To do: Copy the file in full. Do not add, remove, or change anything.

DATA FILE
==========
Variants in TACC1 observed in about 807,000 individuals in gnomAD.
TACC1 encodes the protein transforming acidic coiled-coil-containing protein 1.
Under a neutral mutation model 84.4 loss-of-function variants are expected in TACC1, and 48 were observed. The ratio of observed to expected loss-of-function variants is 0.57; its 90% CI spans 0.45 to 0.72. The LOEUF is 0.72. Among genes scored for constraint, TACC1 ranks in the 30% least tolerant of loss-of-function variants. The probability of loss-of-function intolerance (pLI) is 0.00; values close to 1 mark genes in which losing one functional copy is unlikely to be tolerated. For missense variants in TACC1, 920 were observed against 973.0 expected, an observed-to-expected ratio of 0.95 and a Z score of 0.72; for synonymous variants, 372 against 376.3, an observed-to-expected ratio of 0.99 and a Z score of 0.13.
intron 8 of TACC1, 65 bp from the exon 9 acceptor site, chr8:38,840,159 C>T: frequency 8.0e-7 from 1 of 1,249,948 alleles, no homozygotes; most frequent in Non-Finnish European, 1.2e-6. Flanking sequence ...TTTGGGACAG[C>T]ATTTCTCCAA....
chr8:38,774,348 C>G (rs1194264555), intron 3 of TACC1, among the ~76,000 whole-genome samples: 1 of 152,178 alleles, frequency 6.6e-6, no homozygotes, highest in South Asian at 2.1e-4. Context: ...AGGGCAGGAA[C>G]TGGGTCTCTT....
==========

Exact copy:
Variants in TACC1 observed in about 807,000 individuals in gnomAD.
TACC1 encodes the protein transforming acidic coiled-coil-containing protein 1.
Under a neutral mutation model 84.4 loss-of-function variants are expected in TACC1, and 48 were observed. The ratio of observed to expected loss-of-function variants is 0.57; its 90% CI spans 0.45 to 0.72. The LOEUF is 0.72. Among genes scored for constraint, TACC1 ranks in the 30% least tolerant of loss-of-function variants. The probability of loss-of-function intolerance (pLI) is 0.00; values close to 1 mark genes in which losing one functional copy is unlikely to be tolerated. For missense variants in TACC1, 920 were observed against 973.0 expected, an observed-to-expected ratio of 0.95 and a Z score of 0.72; for synonymous variants, 372 against 376.3, an observed-to-expected ratio of 0.99 and a Z score of 0.13.
intron 8 of TACC1, 65 bp from the exon 9 acceptor site, chr8:38,840,159 C>T: frequency 8.0e-7 from 1 of 1,249,948 alleles, no homozygotes; most frequent in Non-Finnish European, 1.2e-6. Flanking sequence ...TTTGGGACAG[C>T]ATTTCTCCAA....
chr8:38,774,348 C>G (rs1194264555), intron 3 of TACC1, among the ~76,000 whole-genome samples: 1 of 152,178 alleles, frequency 6.6e-6, no homozygotes, highest in South Asian at 2.1e-4. Context: ...AGGGCAGGAA[C>G]TGGGTCTCTT....